After hours email
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It’s 8 PM, the kids are in bed and the wife and I are finally able to get some time for ourselves until I get an e-mail from work. Do I open the e-mail after hours or will I get to it in the morning? But what if it’s important and I have to act now? These days it’s we have to deal with blurring boundaries between work and life which has an impact on the so called work/life balance.

I recently read an article about France introducing a new law that where French workers are no longer obliged to respond to work related e-mails or phone call after hours.

What’s not really clear is if this bill limits the communication to e-mail and phone calls only or that they also included messaging apps too. These days we also use apps like Slack, HipChat, WhatsApp to communicate with colleagues which could be a loophole.

The thing that comes up when I read this is that in most situations it will not work because you’re removing all the flexibility. The other thing is that most companies evaluate employees based on their availability and their flexibility.

There also a side note that employers are allowed to make different arrangements with employees.
Employers will probably adjust contracts from this point on that, if you’re in some sort of position where the availability is important, you’re obliged to answer which will render the law useless in a lot of situations.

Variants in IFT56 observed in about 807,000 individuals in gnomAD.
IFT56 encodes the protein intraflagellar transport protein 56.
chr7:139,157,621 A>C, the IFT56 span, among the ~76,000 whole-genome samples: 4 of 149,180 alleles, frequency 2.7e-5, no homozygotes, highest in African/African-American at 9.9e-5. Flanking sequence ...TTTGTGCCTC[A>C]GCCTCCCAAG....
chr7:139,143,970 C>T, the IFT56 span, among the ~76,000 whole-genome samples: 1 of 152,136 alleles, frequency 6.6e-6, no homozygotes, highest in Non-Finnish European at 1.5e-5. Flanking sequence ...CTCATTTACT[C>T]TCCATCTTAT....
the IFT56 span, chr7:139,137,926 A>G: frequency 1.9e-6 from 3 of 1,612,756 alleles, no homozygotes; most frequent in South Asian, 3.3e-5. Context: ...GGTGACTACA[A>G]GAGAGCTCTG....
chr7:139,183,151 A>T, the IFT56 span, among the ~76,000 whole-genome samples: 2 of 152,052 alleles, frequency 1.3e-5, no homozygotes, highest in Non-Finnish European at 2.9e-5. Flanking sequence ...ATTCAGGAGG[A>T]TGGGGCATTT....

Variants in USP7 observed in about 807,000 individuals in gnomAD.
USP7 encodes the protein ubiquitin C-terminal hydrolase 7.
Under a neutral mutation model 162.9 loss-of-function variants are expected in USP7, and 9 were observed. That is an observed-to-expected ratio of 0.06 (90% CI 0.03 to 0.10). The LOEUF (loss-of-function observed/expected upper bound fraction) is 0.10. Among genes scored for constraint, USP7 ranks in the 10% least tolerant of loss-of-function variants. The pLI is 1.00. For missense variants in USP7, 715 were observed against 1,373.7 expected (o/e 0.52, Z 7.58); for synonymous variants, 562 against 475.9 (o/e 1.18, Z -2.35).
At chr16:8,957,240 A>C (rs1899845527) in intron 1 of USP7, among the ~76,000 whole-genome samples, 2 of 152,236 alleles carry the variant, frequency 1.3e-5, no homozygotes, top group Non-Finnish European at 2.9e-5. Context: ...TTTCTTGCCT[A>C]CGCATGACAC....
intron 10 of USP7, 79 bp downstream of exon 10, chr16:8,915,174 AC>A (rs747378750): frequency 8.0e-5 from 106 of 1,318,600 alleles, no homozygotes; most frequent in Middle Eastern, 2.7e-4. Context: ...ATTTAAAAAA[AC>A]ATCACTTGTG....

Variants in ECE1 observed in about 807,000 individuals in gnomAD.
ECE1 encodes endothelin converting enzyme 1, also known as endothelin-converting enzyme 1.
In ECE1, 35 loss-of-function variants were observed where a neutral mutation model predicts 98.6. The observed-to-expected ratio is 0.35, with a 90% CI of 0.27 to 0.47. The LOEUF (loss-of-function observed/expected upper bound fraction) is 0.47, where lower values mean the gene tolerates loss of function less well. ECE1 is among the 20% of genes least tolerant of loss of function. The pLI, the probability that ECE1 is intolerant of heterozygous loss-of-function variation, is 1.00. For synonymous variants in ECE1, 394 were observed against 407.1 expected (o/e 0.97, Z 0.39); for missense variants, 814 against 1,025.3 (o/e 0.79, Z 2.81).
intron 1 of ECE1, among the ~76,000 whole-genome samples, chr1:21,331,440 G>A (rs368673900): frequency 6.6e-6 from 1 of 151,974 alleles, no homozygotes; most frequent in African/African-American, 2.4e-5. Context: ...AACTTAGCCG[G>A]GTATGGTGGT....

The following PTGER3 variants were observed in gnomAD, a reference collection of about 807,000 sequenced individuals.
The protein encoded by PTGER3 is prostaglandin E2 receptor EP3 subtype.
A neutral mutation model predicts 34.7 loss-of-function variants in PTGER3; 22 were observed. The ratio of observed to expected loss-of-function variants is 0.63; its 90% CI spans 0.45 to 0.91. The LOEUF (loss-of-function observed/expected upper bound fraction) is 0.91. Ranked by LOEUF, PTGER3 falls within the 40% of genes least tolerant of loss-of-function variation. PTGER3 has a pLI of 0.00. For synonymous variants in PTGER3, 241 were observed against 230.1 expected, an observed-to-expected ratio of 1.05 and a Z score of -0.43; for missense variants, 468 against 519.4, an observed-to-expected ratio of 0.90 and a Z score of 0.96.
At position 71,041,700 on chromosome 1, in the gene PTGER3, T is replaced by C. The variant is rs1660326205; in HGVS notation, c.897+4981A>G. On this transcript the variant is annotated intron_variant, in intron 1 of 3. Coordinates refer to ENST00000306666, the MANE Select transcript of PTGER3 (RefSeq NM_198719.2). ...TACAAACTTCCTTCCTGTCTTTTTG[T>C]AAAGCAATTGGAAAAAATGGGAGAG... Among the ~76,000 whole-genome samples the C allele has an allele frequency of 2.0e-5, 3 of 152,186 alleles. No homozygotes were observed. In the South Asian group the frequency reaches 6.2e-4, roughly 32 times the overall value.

I never had a problem responding to work related e-mails after hours because I think in my profession as a DBA it’s part of the job. Usually you’re the lonely DBA (or part of a small team) and when shit hits the fan there’s nobody else that is able to fix it. That’s not only in the field of the DBA but mostly with all the colors of the IT rainbow.

In my opinion I think you’re responsible for setting your own boundaries to make sure your work/life balance doesn’t get distorted in such a way that it will affect you personal life in a bad way.

One thing I’ve always done is that when I was in the situation where I had to be available after hours I would have a separate phone. If I’m on vacation and I’m not able to respond, or don’t want to respond, I leave my phone at home. I would give my personal phone number to a very limited group of people that only in the case of a real bad situation they could try to contact me.
This has always worked out for me and fortunately I’ve had employers that respected that arrangement.

Still France has passed this law on January 1 and the thought behind is admirable but if this will ever work is something we’ll see in the future.

 

 

My SQL Server journey with Linux

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Linux, where did it all begin

About a couple of years ago there was an April fools joke on SQLServerCentral.com about SQL Server coming to Linux. Now we know this isn’t a joke and SQL Server for Linux is a fact.

I started to explore Linux around 1998 on my AMD K6 266 Mhz pc. I bought Linux because back then I could download that entire distribution over a dial-up connection going 5Kb a second. If I would have downloaded that from the internet the phone bill would blow your mind.

My first Linux distro was Redhat Linux version 5.1 (Manhattan) and back then there was no nice GUI for the install so it took me a while to get things started. It wasn’t like I had loads of documentation on the internet back then so I did what I could using books and small pieces of information I found on the internet.

I didn’t have the luxury of owning multiple computers like some class mates had and I decided to do a dual install next to my Windows 98 installation (oh yeah I was really early to upgrade from Windows 95).